There are five men hoping to succeed Sepp Blatter as President of football’s world governing body, FIFA. They are:
SHEIKH SALMAN BIN IBRAHIM AL KHALIFA
Who: President of the Asian Football Confederation and former head of the Bahrain FA. Facing opposition from human rights groups who say his role in identifying athletes including footballers who took part in anti-government protests to the authorities makes him unfit to be FIFA President.
Manifesto: Has pledged to separate FIFA’s governance and commercial operations and introduce a 40-team World Cup.
Supporters: Expects to have majority support in Asia, and has had endorsement from executive committee of African Football Confederation.
Who: UEFA General Secretary since 2000, picked as UEFA’s fail safe candidate while there was uncertainty over Michel Platini’s future.
Manifesto: Promising a 90-day overhaul of FIFA and says only he has the experience and vision to deliver.
Supporters: Claims “overwhelming” if not majority support from European nations and has pledges from Latin American CONMEBOL bloc of 10, and from elsewhere, with more than 50 nations publicly supportive. English FA expected to back him.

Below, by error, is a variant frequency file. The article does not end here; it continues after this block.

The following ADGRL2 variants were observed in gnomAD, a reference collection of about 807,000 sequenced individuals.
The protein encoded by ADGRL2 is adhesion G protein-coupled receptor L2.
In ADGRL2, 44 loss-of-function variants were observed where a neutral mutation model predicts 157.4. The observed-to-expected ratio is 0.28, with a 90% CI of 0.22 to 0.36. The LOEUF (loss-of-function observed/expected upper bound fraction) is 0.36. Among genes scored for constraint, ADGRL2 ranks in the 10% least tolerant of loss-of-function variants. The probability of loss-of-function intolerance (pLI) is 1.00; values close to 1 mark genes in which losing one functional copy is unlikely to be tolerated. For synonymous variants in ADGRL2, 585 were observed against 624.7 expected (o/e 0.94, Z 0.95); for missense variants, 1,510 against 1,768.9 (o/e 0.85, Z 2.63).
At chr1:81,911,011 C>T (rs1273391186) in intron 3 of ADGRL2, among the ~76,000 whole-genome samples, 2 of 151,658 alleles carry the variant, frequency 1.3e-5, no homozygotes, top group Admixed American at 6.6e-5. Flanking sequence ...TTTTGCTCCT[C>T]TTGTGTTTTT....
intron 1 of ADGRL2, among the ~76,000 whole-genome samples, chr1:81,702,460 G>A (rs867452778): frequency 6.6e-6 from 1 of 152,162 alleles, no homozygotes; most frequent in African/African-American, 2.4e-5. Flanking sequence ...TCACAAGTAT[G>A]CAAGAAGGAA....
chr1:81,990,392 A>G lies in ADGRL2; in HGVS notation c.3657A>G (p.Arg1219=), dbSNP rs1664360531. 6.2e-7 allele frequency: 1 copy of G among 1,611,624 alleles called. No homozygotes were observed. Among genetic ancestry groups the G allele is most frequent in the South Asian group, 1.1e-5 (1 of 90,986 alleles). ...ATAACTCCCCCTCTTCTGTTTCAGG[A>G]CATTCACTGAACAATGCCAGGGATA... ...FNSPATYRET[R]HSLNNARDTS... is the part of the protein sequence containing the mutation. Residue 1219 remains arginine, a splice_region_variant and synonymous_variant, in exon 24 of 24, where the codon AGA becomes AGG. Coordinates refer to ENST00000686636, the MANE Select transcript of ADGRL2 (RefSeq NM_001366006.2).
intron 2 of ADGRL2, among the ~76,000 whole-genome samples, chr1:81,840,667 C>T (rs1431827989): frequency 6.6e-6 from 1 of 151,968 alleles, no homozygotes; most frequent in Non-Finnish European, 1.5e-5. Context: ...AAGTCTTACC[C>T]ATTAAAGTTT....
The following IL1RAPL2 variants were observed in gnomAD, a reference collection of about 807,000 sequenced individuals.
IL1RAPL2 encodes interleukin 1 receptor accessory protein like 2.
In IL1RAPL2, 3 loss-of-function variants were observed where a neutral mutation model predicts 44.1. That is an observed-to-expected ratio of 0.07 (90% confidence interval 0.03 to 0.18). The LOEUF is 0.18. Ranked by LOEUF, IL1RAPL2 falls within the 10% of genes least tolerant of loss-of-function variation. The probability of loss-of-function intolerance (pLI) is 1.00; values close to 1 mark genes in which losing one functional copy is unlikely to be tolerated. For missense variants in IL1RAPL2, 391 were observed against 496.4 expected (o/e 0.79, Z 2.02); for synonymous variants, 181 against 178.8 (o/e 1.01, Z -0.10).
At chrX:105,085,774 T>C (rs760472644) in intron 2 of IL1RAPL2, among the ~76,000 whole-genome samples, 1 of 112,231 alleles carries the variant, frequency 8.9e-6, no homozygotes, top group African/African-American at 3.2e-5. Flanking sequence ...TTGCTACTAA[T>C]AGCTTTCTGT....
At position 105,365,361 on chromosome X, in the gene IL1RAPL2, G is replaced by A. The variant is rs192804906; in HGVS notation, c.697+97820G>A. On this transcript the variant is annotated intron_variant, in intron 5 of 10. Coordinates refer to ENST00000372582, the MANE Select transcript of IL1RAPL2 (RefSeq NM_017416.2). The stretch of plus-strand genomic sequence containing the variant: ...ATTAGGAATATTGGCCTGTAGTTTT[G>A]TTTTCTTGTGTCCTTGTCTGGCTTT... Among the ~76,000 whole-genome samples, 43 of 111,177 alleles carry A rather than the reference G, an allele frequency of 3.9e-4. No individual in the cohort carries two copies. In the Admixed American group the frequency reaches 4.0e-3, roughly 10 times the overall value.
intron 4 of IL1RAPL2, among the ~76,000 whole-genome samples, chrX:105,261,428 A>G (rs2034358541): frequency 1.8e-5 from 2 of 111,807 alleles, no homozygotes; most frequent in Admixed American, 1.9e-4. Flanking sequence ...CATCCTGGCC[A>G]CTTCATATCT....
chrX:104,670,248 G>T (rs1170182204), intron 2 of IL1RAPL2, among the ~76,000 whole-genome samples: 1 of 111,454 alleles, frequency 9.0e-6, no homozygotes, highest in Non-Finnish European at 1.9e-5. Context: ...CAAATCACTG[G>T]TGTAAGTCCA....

PRINCE ALI BIN AL HUSSEIN
Who: President of the Jordan Football Association and a former member of the FIFA executive committee. He stood against Sepp Blatter in the May 2015 election, receiving 73 votes, but withdrew before the second round of voting.
Manifesto: Says he is the one truly independent candidate. Calling for publication of Garcia Report into World Cup voting scandal, an oversight committee to guide FIFA reform, and a 40-team World Cup.
Supporters: With no bloc support, hoping that some of the 73 nations who backed him last time to get behind him.
Who: Former FIFA deputy Secretary General who remains very close to Sepp Blatter. Tried to stand in May 2015 election but failed to get five letters of support.
Manifesto: To re-balance the game and use FIFA’s revenues to reduce the gap between rich and poor countries.
Supporters: In the race in part because of Blatter’s backing and will hope his record at FIFA delivers a decent showing.
Country: South Africa
Who: Anti-apartheid campaigner imprisoned alongside Nelson Mandela who went on to a successful, though not uncontroversial, business career. Blatter-Champagne ally made chair of FIFA’s Israel-Palestine monitoring group.
Manifesto: Prioritise anti-racism and increasing funding to under-developed football nations.
Supporters: Snubbed by leadership of Confederation of African Football and struggling to convince even his own national FA.
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